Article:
Monday, August 9, 2010

Impeachment and Rehabilitation Evidence in Wisconsin - Prior Criminal Convictions

By John DiMotto

One of the most compelling types of evidence used to impeach the credibility of a witness is evidence of prior criminal convictions (or juvenile adjudications of delinquency). When a jury learns about a prior conviction/juvenile adjudication, although the accompanying jury instruction advises the jury that it should only be used in assessing the credibility of what the witness is saying, the temptation to apply the old adage "once a criminal always a criminal" is front and center. Rules exist to try to ensure the proper use of this type of evidence.

The use of prior criminal convictions/juvenile adjudications is governed by 906.09. It sets forth the general rule that for the purpose of attacking the credibility of a witness, evidence that the witness has been convicted of a crime or adjudicated delinquent is admissible. Furthermore, the party cross examining the witness is not concluded by the witness's answer if it is incorrect. However, there is an exclusion clause which indicates that such conviction/adjudication may be excluded if its probative value is substantially outweighed by the danger of unfair prejudice. In other words, the trial judge is the gatekeeper with respect to what convictions/adjudications can be considered.

There is a presumption that a person who has been convicted of a crime/adjudicated delinquent may not be as truthful as someone who has never been convicted/adjudicated and, therefore, questioning in this area is relevant. Also, the number of convictions/juvenile adjudications is relevant because the law further presumes that a person who has been convicted/adjudicated multiple times is considerably less credible that someone with fewer convictions/adjudications. However, it should be noted that while the fact of conviction/adjudication is relevant and admissible, the fact that a person has never been convicted/adjudicated is not considered relevant and is not admissible. The theory is that everyone is expected to follow the law and be law abiding and in so doing a person does not gain or enhance his/her credibility. Furthermore, the fact that a person has no convictions/adjudications does not mean that he/she IS law abiding.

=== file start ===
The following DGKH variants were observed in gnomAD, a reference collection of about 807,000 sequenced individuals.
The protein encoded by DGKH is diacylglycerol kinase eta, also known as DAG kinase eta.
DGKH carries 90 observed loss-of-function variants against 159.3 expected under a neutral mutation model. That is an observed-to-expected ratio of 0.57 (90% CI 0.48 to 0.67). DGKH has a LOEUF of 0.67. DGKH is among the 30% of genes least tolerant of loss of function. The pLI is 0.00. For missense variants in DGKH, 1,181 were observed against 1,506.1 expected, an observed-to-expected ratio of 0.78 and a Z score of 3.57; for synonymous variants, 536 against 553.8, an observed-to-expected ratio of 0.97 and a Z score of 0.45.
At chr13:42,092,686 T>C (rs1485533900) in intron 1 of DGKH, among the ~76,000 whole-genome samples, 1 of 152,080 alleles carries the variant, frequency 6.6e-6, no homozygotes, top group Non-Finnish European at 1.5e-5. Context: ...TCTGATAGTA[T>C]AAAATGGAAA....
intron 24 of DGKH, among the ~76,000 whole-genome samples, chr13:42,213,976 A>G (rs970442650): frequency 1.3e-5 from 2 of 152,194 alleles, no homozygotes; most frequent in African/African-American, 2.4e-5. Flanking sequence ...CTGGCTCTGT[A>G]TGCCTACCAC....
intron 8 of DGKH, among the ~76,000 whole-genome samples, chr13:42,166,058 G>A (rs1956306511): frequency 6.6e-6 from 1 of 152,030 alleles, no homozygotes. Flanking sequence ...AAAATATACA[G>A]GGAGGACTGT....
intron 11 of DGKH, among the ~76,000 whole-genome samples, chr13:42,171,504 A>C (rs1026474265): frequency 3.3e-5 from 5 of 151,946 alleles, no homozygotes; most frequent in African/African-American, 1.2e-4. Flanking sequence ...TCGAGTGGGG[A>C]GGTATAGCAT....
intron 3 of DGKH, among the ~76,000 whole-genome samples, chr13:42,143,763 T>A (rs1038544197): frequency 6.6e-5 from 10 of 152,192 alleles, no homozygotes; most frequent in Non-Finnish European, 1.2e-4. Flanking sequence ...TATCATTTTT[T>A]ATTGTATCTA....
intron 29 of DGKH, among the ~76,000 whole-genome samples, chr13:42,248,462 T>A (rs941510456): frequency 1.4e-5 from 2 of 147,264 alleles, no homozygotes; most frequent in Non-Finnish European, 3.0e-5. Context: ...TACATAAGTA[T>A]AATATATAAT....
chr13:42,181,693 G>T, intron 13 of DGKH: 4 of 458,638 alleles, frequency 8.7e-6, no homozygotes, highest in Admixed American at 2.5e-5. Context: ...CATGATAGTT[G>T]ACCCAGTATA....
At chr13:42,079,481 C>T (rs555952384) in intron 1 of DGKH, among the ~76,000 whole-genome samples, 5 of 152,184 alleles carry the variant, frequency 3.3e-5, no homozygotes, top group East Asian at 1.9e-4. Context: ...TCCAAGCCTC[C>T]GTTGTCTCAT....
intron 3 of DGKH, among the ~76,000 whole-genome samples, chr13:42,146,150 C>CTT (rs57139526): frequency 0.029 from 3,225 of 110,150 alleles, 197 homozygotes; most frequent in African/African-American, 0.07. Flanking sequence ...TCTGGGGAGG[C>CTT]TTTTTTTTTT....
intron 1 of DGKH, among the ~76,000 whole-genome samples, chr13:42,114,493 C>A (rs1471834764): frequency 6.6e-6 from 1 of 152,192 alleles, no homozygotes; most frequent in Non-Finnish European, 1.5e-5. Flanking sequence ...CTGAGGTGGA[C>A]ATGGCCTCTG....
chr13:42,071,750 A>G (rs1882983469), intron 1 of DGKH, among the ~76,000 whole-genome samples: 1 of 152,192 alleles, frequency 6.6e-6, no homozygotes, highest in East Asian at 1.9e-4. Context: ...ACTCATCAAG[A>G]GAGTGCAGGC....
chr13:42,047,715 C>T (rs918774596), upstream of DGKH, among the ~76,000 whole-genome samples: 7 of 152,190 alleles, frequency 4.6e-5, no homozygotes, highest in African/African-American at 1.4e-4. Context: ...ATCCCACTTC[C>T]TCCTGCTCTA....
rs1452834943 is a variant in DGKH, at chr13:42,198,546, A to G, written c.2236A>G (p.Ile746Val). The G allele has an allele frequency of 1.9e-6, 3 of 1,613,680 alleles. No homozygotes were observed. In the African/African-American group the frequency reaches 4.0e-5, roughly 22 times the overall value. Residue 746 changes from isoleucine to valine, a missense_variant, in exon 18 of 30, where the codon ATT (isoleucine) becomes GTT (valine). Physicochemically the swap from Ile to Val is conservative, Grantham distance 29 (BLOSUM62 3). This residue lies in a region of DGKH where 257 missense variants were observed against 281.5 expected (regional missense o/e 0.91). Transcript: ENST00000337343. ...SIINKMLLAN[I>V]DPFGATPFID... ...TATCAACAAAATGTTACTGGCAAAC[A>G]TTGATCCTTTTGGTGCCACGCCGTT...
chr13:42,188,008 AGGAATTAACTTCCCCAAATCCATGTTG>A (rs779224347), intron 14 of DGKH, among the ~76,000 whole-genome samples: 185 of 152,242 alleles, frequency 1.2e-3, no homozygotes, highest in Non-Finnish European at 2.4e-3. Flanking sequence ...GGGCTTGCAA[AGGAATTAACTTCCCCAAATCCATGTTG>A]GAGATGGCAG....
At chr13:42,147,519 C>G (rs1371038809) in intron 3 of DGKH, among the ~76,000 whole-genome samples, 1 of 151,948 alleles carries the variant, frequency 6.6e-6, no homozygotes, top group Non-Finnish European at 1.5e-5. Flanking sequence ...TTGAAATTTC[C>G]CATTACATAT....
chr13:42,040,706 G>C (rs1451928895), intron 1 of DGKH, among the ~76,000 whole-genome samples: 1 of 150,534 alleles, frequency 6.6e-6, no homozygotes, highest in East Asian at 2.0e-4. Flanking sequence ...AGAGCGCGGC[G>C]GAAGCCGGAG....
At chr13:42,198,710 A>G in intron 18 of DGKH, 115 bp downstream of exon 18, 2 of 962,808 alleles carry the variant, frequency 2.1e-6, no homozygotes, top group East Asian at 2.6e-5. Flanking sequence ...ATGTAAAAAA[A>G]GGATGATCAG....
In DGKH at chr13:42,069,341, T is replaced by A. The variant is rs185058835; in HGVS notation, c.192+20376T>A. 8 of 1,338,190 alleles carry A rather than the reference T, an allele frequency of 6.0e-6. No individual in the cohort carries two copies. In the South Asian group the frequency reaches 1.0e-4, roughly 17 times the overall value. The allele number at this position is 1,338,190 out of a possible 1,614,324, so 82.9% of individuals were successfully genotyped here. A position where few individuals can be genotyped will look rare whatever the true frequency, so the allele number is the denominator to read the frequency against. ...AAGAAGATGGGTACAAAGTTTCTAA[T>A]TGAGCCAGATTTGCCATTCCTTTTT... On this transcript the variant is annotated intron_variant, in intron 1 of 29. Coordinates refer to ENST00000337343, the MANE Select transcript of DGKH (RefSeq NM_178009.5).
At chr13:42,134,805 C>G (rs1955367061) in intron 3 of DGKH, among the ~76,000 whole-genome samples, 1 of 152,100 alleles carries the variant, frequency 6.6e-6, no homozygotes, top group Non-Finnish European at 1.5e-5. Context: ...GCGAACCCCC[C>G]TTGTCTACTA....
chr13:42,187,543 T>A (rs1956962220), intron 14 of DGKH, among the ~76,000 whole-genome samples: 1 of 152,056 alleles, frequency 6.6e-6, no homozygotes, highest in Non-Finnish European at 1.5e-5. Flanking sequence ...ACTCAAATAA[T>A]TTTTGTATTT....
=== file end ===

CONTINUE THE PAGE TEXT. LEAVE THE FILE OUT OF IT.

In terms of how the trial court approaches the issue of prior convictions/juvenile adjudications, before any question is asked of a witness regarding prior criminal convictions/juvenile adjudications, a hearing must be held outside the presence of the jury where the trial judge, as gatekeeper, determines which, if any convictions/adjudications may be used. Considerations such as passage of time, nature of prior convictions, involvement of dishonesty in the crimes or witness's rehabilitation since the convictions are taken into account before the trial judge rules on the issue.

Once the trial judge has made his/her decision then two questions may be asked of a witness. First, have you ever been convicted of a crime (or adjudicated delinquent)? Second, how many times? If the witness answers truthfully, and usually the witness does because the witness is present when the judge enters the ruling, that forecloses any further questioning. If the witness does not answer the two questions correctly, the witness may be asked questions regarding the specifics of the convictions to "refresh" the witness's recollection as to the correct answers.

There is another exception to when the specifics may be brought to the attention of the jury. If it is the defendant who is testifying, at his/her option, specifics may be elicited by the defendant's counsel. This may occur if the prior convictions are few in number and totally different in nature than the charge at hand. For example, if a defendant is on trial for a sexual assault and he has a prior conviction for disorderly conduct, his attorney may want to bring that fact out so the jury does not think the prior conviction is for a sexual assault.

While prior convictions and juvenile adjudications are admissible:

1) Arrests are not admissible.
2) Ordinance violations are not admissible.
3) Deferred Prosecution Agreements are not admissible.
4) Expunged convictions are not admissible.

When addressing the use of prior conviction/juvenile adjudication evidence, the is incumbent on the trial court to carefully address to what extent this evidence may be used and to ensure that the jury understands for what purpose it can be used and for what purposes it may not be used.

1 comment:

  1. Even though this article was helpful, it would have been more useful if it was based on case laws and statutes.